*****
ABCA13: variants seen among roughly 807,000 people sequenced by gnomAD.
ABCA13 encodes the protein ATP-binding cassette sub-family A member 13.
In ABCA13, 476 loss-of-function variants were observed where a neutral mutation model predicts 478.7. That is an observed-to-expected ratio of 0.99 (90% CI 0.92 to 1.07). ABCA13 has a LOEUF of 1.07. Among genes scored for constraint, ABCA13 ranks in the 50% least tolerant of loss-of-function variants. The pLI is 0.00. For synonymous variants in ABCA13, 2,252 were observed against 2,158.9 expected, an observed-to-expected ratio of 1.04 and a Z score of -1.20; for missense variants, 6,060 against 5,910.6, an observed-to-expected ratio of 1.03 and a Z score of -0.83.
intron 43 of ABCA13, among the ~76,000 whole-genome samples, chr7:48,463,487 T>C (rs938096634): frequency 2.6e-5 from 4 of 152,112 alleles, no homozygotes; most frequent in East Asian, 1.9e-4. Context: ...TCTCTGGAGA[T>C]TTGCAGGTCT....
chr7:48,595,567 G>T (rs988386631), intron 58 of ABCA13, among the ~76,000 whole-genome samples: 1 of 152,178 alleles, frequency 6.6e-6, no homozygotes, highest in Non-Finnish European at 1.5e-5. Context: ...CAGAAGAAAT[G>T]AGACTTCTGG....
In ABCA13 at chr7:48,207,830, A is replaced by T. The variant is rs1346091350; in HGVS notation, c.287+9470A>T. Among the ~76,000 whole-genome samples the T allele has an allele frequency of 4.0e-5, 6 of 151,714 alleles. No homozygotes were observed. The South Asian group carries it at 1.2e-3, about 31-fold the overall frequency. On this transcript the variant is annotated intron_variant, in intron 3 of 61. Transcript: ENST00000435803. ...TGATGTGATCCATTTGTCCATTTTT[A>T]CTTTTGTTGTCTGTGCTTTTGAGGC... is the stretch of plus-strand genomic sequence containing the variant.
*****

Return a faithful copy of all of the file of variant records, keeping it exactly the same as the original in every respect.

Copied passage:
ABCA13: variants seen among roughly 807,000 people sequenced by gnomAD.
ABCA13 encodes the protein ATP-binding cassette sub-family A member 13.
In ABCA13, 476 loss-of-function variants were observed where a neutral mutation model predicts 478.7. That is an observed-to-expected ratio of 0.99 (90% CI 0.92 to 1.07). ABCA13 has a LOEUF of 1.07. Among genes scored for constraint, ABCA13 ranks in the 50% least tolerant of loss-of-function variants. The pLI is 0.00. For synonymous variants in ABCA13, 2,252 were observed against 2,158.9 expected, an observed-to-expected ratio of 1.04 and a Z score of -1.20; for missense variants, 6,060 against 5,910.6, an observed-to-expected ratio of 1.03 and a Z score of -0.83.
intron 43 of ABCA13, among the ~76,000 whole-genome samples, chr7:48,463,487 T>C (rs938096634): frequency 2.6e-5 from 4 of 152,112 alleles, no homozygotes; most frequent in East Asian, 1.9e-4. Context: ...TCTCTGGAGA[T>C]TTGCAGGTCT....
chr7:48,595,567 G>T (rs988386631), intron 58 of ABCA13, among the ~76,000 whole-genome samples: 1 of 152,178 alleles, frequency 6.6e-6, no homozygotes, highest in Non-Finnish European at 1.5e-5. Context: ...CAGAAGAAAT[G>T]AGACTTCTGG....
In ABCA13 at chr7:48,207,830, A is replaced by T. The variant is rs1346091350; in HGVS notation, c.287+9470A>T. Among the ~76,000 whole-genome samples the T allele has an allele frequency of 4.0e-5, 6 of 151,714 alleles. No homozygotes were observed. The South Asian group carries it at 1.2e-3, about 31-fold the overall frequency. On this transcript the variant is annotated intron_variant, in intron 3 of 61. Transcript: ENST00000435803. ...TGATGTGATCCATTTGTCCATTTTT[A>T]CTTTTGTTGTCTGTGCTTTTGAGGC... is the stretch of plus-strand genomic sequence containing the variant.